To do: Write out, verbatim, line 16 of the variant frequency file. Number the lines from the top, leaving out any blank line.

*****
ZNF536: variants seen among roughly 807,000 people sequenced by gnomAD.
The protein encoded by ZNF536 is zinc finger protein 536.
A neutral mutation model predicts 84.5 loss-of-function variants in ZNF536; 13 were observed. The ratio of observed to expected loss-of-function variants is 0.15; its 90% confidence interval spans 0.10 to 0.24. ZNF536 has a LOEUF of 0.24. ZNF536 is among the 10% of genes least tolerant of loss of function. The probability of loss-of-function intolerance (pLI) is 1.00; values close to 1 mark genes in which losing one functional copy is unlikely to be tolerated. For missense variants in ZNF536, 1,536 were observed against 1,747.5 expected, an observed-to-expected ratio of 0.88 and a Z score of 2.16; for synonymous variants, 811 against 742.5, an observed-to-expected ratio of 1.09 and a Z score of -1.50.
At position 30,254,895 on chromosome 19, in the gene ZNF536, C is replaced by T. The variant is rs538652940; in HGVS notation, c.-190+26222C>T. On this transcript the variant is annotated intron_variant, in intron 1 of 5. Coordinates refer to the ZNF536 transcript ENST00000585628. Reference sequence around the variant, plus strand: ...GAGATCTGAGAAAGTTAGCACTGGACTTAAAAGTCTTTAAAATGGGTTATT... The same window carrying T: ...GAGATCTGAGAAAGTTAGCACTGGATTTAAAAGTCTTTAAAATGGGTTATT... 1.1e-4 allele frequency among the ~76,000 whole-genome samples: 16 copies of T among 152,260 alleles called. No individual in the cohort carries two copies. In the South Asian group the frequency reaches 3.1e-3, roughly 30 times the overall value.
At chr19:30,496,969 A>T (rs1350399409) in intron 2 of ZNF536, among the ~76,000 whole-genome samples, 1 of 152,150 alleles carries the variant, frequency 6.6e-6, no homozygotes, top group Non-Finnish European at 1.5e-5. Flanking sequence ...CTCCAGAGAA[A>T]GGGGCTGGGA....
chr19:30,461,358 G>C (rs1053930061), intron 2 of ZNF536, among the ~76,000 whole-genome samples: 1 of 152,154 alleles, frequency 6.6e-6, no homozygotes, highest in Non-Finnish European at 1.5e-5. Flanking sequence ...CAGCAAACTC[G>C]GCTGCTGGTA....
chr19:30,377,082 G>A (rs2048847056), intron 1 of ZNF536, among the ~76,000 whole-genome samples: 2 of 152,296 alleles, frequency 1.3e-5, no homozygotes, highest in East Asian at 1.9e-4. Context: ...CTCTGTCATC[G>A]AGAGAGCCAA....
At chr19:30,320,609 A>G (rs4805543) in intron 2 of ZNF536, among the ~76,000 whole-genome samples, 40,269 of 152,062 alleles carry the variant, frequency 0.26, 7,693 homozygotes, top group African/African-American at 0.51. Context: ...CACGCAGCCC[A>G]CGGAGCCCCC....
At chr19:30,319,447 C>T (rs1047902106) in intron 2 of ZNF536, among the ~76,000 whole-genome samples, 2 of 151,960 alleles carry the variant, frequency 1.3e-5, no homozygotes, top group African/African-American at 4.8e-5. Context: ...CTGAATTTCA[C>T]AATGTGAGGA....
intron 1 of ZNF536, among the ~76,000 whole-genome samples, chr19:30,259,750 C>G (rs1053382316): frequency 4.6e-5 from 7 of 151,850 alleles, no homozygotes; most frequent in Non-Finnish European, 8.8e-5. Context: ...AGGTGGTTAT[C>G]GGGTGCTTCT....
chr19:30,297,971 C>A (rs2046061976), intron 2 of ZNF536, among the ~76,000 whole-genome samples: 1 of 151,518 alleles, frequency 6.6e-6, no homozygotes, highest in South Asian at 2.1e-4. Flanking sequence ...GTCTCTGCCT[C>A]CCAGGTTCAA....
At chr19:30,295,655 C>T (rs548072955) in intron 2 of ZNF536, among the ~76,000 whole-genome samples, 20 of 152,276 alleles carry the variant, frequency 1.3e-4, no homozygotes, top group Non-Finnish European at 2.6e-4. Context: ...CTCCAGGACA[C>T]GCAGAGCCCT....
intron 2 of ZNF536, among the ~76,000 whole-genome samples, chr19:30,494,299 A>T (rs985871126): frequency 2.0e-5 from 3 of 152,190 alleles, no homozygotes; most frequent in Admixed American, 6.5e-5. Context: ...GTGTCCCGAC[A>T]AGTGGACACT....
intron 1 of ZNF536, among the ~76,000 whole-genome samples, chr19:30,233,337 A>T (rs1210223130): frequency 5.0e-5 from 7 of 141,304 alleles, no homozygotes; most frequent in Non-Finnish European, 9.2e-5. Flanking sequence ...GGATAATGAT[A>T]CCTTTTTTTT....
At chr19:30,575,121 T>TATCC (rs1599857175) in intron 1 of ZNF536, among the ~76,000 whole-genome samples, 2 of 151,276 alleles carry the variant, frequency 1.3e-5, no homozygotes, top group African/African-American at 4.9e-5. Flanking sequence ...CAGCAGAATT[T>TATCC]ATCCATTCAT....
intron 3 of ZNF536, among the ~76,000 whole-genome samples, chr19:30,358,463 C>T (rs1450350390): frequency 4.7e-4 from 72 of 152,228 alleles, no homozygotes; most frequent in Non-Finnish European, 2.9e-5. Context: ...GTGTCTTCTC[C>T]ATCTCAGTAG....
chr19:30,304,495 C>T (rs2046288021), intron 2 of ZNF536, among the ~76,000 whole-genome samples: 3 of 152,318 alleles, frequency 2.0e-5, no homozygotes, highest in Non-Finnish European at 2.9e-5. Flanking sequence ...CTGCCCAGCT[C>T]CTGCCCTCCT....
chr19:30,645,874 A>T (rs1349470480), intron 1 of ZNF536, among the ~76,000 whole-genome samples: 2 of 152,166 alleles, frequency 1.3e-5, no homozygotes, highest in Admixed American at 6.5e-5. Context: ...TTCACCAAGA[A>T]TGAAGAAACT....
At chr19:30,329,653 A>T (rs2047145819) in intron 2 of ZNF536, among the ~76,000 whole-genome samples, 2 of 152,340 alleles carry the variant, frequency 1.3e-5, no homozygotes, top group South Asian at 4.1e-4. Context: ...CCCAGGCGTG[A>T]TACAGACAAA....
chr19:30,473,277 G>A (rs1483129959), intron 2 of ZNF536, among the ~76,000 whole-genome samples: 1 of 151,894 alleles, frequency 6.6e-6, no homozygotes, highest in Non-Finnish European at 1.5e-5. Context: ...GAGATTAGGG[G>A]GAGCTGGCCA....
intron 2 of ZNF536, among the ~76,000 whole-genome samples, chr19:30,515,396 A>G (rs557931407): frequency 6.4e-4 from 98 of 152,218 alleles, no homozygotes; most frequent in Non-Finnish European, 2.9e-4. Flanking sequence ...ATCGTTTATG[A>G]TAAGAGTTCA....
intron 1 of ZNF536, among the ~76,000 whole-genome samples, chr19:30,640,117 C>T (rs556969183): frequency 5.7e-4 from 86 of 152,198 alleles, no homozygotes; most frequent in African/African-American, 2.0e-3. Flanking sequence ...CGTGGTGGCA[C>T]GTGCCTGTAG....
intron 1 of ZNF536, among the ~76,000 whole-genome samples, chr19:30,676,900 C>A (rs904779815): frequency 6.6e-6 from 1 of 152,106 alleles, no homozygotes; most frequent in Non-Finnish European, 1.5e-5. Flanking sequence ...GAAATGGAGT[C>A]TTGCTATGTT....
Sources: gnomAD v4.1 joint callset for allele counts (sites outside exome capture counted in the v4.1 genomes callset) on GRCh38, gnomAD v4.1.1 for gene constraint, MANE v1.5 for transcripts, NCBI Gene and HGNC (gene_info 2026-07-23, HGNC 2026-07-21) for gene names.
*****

intron 3 of ZNF536, among the ~76,000 whole-genome samples, chr19:30,358,463 C>T (rs1450350390): frequency 4.7e-4 from 72 of 152,228 alleles, no homozygotes; most frequent in Non-Finnish European, 2.9e-5. Context: ...GTGTCTTCTC[C>T]ATCTCAGTAG....